A Study by Delaunay Pre-Empted by the Château de Compiègne

21/12/13 - Acquisition - Compiègne, Château, Musée du Second Empire - In 1986, at the time of the retrospective of Jules Elie Delaunay organized by the Musée des Beaux-Arts in Nantes, there were only four known preparatory drawings for the ceiling of new theater in the Compiègne palace which the artist had never completed due to the downfall of the Emperor [1]. However, in 1991 the château was able to acquire a painted study of the entire composition.

1. Jules-Élie Delaunay (1828-1891)
Study for the ceiling of the theater in the Palais de Compiègne
oil on paper - D. 63 cm
Compiègne, Musée du Second Empire
Photo : SVV Pierre Bergé & Associés

2. Jules-Élie Delaunay (1828-1891)
Study for the ceiling of the theater in the Palais de Compiègne
oil on canvas (?) - D. 64 cm
Compiègne, Musée du Second Empire
Photo : RMN-GP/F. Raux

At the Pierre Bergé & Associés auction which took place yesterday, 20 December at the Hôtel Drouot, the Château de Compiègne pre-empted a second study painted for this décor (ill. 1) of the same size, for 9,000€ (before charges) thanks to the Société des Amis du Château. The comparison with the one already in its holdings for about twenty years now (ill. 2) shows many variations.
The subject chosen was The History of Theater. The new study reflects a much denser composition, with almost twice as many figures. If we are to believe the program held at the Archives Nationales (retranscribed in the catalogue of the Nantes exhibition), it seems that the study already owned by Compiègne was produced earlier than the one just acquired. Indeed, on it we can see banners expliciting the iconography of the different groups : "children unrolling a streamer, with the names of Aeschylus, Sophocles, etc." accompanying Prometheus, the symbol of Antique Tragedy.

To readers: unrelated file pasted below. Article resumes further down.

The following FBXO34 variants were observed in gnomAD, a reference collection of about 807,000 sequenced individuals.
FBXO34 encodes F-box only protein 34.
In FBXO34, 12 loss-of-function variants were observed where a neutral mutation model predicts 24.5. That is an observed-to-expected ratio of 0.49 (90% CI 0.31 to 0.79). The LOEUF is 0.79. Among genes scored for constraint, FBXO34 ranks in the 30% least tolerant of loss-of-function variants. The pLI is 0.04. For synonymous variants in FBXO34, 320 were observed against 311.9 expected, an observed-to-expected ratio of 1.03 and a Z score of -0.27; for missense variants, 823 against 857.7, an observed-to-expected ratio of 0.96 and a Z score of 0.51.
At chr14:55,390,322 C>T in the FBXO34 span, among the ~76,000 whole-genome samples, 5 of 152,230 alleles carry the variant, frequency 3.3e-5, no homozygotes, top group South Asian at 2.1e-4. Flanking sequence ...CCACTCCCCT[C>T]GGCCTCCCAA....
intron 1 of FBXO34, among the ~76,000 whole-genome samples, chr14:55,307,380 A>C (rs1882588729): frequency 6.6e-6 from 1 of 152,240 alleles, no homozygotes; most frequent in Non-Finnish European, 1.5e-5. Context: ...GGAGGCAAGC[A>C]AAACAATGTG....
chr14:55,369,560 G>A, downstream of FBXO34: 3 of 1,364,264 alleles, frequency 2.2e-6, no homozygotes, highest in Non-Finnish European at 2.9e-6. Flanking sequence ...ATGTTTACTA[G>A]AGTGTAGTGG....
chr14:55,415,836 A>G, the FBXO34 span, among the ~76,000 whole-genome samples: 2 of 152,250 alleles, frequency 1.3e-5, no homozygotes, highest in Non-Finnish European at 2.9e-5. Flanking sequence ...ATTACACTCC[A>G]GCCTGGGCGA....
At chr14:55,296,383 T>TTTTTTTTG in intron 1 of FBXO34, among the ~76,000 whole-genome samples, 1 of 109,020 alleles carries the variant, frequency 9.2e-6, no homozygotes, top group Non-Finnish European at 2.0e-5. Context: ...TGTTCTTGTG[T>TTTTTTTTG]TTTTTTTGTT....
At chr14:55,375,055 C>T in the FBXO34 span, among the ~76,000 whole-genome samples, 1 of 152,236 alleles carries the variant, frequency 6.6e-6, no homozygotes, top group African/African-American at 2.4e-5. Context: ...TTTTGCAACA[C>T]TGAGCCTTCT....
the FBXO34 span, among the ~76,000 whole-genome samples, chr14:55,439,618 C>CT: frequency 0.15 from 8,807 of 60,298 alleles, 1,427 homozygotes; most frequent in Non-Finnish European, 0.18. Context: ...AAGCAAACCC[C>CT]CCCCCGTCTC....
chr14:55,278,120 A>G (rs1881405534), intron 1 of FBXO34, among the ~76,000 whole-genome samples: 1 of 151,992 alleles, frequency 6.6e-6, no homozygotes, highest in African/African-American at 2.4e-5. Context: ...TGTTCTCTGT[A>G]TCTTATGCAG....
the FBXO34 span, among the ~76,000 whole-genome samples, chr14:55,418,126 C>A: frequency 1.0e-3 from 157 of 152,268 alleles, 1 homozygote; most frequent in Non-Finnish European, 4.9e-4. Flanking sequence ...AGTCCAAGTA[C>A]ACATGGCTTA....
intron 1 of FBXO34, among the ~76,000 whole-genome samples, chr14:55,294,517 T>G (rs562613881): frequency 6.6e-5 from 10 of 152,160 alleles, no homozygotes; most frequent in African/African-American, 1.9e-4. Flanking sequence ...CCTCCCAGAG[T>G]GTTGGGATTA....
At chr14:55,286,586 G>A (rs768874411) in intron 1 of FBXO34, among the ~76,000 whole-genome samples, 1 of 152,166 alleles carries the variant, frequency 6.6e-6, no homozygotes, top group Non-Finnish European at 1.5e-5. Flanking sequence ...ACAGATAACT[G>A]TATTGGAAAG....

Generally speaking, the ceiling planned by Delaunay is similar in design to the one done by Lenepveu at the Paris Opera which was carried out but is now hidden under Chagall’s.

Version française

Didier Rykner, samedi 21 décembre 2013


[1] This theater, still in use today, should not be confused with the small Louis-Philippe theater inside the château, preserved in its original state and which should be restored soon.

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